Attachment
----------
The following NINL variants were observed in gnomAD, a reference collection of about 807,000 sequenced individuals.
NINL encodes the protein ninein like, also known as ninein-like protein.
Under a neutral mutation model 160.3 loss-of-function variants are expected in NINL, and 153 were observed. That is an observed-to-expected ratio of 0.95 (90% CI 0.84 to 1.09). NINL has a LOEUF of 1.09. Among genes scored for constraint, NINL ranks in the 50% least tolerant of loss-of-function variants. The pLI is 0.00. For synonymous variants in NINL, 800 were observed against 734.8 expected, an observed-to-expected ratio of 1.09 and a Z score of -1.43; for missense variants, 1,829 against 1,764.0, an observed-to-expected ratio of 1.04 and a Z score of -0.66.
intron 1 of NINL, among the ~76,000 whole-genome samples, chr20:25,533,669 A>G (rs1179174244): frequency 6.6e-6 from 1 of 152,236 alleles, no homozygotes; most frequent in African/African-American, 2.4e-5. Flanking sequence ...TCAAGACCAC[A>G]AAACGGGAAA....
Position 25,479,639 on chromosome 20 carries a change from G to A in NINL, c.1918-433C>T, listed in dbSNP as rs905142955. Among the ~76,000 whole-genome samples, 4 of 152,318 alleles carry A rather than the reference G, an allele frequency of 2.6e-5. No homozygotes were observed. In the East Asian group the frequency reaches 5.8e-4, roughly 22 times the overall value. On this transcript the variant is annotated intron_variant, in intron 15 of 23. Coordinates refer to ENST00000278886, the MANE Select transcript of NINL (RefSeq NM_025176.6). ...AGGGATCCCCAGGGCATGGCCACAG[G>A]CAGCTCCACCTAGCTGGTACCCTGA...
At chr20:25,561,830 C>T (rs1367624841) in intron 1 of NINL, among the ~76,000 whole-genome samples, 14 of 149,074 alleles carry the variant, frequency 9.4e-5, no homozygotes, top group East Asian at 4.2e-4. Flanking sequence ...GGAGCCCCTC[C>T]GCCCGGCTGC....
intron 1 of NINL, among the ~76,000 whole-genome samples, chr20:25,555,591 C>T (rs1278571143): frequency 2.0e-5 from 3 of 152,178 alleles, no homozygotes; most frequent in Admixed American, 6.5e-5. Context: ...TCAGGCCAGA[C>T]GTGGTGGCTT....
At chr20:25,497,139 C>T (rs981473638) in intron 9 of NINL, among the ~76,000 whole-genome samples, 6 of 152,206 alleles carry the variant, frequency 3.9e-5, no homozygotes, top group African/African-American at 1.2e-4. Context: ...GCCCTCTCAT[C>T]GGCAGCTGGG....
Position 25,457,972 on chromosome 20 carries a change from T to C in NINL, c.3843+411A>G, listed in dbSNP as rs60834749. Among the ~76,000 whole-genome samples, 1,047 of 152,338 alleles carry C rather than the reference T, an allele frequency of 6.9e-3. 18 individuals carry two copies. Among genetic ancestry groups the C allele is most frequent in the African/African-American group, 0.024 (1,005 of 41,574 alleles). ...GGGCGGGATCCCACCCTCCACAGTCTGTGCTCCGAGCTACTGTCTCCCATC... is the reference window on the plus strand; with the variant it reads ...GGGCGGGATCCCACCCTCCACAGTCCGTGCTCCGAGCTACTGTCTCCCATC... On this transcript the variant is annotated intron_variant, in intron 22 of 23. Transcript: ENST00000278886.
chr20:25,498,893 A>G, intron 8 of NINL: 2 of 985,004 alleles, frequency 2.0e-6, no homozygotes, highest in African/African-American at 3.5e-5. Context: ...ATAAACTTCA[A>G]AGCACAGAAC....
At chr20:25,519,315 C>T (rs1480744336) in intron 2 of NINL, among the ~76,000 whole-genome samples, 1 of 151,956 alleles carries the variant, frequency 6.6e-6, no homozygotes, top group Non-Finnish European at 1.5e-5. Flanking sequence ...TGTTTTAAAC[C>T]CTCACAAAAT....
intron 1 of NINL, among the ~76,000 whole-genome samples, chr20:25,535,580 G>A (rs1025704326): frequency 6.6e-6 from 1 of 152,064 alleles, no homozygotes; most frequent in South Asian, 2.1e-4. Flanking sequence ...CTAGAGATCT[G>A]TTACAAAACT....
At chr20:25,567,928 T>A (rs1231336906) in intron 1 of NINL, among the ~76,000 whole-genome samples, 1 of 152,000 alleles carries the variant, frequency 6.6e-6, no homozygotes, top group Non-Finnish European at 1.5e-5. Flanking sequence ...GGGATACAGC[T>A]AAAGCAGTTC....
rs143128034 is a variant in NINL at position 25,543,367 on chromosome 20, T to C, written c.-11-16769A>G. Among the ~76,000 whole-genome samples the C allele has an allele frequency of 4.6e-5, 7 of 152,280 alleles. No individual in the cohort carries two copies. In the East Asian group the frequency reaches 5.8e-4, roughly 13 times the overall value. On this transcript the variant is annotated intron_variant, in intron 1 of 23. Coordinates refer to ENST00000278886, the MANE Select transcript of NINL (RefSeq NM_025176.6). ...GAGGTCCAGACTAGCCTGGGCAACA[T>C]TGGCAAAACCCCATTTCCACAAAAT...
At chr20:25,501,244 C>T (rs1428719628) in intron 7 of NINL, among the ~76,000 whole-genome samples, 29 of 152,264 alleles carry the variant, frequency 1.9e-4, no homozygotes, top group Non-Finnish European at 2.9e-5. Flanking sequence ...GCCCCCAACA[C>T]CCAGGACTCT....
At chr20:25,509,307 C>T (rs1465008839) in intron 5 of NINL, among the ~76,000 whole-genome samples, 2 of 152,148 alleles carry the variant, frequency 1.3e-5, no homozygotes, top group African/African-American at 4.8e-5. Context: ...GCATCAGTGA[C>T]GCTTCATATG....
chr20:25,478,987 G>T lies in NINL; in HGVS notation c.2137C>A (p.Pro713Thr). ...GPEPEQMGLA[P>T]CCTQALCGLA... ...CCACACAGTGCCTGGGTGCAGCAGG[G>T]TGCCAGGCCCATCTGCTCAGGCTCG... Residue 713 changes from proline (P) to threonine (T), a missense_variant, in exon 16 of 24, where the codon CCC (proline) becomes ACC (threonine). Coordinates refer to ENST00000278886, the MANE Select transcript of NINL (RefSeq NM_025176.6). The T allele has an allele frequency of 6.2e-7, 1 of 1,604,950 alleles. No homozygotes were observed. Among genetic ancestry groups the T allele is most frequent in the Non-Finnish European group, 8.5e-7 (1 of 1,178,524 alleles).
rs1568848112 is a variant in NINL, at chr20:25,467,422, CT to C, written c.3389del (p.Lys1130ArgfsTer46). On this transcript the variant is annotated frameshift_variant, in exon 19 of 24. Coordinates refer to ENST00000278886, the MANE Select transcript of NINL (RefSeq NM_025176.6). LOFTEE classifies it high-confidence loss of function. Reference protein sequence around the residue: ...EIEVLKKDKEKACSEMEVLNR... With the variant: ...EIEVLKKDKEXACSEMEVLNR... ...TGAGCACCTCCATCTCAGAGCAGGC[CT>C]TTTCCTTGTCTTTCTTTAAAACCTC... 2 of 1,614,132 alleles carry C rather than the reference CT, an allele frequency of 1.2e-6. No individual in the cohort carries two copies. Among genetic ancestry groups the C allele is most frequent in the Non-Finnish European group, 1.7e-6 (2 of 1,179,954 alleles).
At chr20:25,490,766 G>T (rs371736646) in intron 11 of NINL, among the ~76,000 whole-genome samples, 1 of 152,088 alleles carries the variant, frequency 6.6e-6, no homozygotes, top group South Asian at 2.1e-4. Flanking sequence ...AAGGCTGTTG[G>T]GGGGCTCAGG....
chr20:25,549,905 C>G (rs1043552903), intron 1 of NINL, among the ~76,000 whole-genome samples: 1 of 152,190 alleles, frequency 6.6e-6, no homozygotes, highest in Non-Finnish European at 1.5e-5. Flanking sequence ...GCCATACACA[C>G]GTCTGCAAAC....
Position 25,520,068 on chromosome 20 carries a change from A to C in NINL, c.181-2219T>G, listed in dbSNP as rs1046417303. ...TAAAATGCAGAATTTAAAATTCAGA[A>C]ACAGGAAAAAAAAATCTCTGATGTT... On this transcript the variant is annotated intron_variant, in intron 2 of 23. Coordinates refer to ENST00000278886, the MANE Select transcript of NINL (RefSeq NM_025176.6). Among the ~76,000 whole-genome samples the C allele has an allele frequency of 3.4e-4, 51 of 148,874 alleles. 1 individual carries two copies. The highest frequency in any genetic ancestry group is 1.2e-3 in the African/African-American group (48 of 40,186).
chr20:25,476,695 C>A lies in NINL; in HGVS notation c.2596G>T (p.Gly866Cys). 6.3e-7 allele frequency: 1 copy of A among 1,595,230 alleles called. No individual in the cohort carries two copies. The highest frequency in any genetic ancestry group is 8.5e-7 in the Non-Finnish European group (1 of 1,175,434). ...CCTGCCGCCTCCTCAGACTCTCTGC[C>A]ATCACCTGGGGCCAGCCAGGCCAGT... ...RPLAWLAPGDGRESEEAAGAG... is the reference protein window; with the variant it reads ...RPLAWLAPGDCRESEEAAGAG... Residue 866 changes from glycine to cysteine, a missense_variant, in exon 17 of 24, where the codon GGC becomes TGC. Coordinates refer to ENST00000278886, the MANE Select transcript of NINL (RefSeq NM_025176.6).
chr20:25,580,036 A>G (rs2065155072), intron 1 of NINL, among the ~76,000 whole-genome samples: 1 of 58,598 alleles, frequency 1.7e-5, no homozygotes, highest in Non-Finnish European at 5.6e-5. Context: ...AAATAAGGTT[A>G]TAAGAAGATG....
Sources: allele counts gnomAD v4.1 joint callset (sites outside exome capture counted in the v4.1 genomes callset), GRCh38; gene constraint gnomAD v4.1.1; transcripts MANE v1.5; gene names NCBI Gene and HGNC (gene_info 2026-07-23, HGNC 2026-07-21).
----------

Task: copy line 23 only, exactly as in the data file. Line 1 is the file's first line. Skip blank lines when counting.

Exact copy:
chr20:25,580,036 A>G (rs2065155072), intron 1 of NINL, among the ~76,000 whole-genome samples: 1 of 58,598 alleles, frequency 1.7e-5, no homozygotes, highest in Non-Finnish European at 5.6e-5. Context: ...AAATAAGGTT[A>G]TAAGAAGATG....